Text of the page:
The American Spectator : Mennonite Takeover?

The American Spectator : Mennonite Takeover?

An interesting, if somewhat skeptical, summary of the main currents in the recent upsurge in ana-baptist life and belief in America.

If you enjoyed this post, get free updates by email or RSS.
Enhanced by Zemanta


The Courage of the Lollards

Sir John Oldcastle being burnt for insurrectio...Image via Wikipedia
It's difficult when reading the Twelve Conclusions of the Lollards not to be moved and impressed by their courage.

Although the document, which was presented to the English Parliament in the 1390's, is less comprehensive doctrinally than some of the later outpouring of the Reformation era, these radical medieval church reformers certainly possessed fortitude when confronting the abuses they saw in the church of their day.

When the death penalty was normative for "heresy", the cry of these third stream believers is hugely impressive. The image is of Sir John Oldcastle being executed in 1417 for "Lollard heresy and insurrection."

Consider some of the language used:

On the priesthood:

Our usual priesthood, the which began in Rome feigned of a power higher than angels, is not the priesthood the which Christ ordained to his Apostles.

In a thoroughly modern-sounding criticism of clerical celibacy:

That the law of continence annexed to priesthood, that in prejudice of women was first ordained, induces sodomy in Holy Church

On transubstantiation:

The service of Corpus Christi made by Friar Thomas is untrue and painted full of false miracles, and that is no wonder, for Friar Thomas that same time, holding with the Pope, would have made a miracle of a hen's egg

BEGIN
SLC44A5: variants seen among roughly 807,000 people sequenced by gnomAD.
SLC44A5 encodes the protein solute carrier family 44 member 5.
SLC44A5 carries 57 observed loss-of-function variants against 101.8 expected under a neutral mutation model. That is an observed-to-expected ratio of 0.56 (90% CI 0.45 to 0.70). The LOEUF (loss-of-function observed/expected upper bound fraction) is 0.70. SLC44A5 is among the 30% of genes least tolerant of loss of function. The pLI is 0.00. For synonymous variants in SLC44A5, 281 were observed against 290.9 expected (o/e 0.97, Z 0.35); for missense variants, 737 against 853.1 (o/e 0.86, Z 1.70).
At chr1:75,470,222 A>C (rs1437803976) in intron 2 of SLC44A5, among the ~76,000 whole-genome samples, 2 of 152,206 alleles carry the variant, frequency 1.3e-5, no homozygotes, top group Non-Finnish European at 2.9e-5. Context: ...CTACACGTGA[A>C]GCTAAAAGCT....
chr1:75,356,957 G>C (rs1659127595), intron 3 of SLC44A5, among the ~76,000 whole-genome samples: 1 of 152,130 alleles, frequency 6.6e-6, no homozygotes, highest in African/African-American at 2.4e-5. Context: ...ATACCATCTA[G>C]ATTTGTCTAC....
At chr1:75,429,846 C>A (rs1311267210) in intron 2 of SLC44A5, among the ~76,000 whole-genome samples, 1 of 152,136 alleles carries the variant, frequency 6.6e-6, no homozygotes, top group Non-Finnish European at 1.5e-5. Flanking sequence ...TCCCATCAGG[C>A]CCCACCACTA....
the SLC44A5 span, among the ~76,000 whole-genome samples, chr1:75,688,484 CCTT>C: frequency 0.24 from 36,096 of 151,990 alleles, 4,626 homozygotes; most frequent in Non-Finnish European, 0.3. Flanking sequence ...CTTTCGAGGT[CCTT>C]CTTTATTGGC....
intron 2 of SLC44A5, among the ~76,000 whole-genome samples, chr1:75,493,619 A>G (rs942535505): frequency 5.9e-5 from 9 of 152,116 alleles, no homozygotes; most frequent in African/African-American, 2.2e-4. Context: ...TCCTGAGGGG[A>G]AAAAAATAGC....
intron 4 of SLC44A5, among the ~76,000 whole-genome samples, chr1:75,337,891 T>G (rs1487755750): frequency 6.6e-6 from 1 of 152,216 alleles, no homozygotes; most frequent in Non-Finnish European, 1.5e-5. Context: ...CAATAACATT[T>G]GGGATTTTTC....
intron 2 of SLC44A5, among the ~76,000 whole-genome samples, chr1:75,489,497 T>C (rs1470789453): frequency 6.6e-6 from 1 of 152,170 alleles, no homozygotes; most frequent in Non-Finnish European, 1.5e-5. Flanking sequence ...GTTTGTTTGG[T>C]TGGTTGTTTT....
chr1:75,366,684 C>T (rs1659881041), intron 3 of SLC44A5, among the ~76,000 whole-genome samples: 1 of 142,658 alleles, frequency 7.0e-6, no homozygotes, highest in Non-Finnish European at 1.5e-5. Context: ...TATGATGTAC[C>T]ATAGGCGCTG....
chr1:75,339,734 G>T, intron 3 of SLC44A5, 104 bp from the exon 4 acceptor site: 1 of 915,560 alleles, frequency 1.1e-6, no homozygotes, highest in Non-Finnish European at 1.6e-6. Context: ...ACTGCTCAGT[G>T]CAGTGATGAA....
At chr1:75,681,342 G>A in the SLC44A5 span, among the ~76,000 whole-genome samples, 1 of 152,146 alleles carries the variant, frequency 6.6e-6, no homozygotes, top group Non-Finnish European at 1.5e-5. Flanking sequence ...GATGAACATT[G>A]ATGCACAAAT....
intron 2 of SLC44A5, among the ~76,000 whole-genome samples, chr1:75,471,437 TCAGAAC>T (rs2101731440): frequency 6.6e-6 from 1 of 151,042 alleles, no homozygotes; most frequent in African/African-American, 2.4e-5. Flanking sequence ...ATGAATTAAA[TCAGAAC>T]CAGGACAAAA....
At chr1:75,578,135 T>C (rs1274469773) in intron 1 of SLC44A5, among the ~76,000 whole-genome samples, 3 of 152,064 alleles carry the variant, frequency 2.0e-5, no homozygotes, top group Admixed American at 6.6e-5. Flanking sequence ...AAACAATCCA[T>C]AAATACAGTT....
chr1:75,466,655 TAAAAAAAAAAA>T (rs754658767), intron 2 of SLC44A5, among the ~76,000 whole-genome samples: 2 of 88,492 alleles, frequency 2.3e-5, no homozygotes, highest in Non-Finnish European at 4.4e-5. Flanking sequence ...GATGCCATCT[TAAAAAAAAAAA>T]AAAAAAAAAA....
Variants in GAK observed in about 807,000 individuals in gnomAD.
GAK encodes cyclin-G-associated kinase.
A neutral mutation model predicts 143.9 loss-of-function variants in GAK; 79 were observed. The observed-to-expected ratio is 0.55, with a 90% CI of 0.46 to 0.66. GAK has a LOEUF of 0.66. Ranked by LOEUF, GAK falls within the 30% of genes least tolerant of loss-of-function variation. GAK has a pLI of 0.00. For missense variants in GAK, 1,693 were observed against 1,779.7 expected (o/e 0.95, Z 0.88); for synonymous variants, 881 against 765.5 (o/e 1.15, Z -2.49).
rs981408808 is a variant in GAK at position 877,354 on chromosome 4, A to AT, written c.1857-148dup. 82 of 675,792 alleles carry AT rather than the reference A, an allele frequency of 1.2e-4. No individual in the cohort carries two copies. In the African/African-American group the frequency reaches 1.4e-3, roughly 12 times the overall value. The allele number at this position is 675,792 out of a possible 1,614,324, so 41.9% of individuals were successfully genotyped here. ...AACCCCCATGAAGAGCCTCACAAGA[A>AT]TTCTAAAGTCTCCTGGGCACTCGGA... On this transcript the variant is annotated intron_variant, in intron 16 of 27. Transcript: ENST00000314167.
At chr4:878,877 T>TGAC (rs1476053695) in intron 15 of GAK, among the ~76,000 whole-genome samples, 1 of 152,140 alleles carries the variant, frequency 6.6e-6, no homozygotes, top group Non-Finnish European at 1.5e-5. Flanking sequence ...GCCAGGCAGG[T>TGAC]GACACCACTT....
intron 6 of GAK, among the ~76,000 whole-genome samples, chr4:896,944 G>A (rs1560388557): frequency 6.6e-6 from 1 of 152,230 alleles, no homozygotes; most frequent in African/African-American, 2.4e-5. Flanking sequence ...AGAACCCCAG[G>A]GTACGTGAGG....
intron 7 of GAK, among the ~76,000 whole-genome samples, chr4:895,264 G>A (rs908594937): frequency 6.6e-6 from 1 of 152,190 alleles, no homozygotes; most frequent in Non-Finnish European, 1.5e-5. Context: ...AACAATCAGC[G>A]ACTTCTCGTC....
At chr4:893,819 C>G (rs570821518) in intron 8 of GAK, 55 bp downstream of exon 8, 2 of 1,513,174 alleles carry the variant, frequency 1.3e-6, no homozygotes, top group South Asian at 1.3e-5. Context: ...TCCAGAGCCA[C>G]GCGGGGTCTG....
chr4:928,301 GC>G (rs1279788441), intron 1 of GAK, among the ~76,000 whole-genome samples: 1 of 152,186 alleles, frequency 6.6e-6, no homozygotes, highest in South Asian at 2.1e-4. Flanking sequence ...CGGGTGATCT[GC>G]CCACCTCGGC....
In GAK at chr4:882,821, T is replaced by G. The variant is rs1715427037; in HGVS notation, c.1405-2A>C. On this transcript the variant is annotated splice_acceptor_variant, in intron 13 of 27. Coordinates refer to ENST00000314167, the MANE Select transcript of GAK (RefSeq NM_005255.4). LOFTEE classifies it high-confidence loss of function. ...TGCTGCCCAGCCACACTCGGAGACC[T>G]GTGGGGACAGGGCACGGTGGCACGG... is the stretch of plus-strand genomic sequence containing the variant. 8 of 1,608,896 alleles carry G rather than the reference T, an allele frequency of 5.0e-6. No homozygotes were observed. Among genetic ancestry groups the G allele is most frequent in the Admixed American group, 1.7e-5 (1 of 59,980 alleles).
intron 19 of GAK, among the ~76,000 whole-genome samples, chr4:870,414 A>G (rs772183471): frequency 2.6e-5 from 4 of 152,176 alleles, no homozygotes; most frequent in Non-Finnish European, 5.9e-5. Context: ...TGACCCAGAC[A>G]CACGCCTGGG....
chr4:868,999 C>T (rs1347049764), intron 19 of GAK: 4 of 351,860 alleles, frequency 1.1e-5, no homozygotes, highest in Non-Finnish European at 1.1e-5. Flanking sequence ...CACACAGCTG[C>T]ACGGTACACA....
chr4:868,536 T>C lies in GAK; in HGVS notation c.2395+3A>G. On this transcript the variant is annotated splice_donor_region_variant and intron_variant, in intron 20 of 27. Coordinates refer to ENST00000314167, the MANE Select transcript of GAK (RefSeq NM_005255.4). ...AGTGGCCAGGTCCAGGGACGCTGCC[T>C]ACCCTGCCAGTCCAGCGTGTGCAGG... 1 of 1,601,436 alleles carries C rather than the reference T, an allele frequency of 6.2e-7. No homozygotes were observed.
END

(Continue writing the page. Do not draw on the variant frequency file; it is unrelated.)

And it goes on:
On pilgrimages

the pilgrimage, prayers, and offerings made to blind roods and deaf images of tree and stone be near kin to idolatry and far from alms deeds

In the era of carefully nuanced news-speak, the directness of the Lollard "Conclusions" hits the post -modern mind like a hurricane.

The full text of the twelve Conclusions can be read here.

Enhanced by Zemanta

The Former Sword and the Ploughshare: Calvinism or Lollardism?

John CalvinImage via Wikipedia
The Former Sword and the Ploughshare: Calvinism or Lollardism?

Interesting post by Brad Littlejohn on some essential differences between Calvin's theology (especially his political and social theology) and that of the English Puritans and the Scottish Presbyterians - both of whom vigorously claimed him as their own.

If you enjoyed this post, get free updates by email or RSS.
Enhanced by Zemanta

Eller on Sects

Vernard Eller's theoretical introduction to the concept of Orthodox Protestant sects - which overlap considerably with the Third Stream groups described in this blog - is a helpful article for thinking about the differing aspects of the subject.

Eller - who died in 2007 and was a member of the Church of the Brethren - attempts to fuse the sociological insights on sectarianism of Ernst Troeltsch with the theological paradigm of Emil Brunner.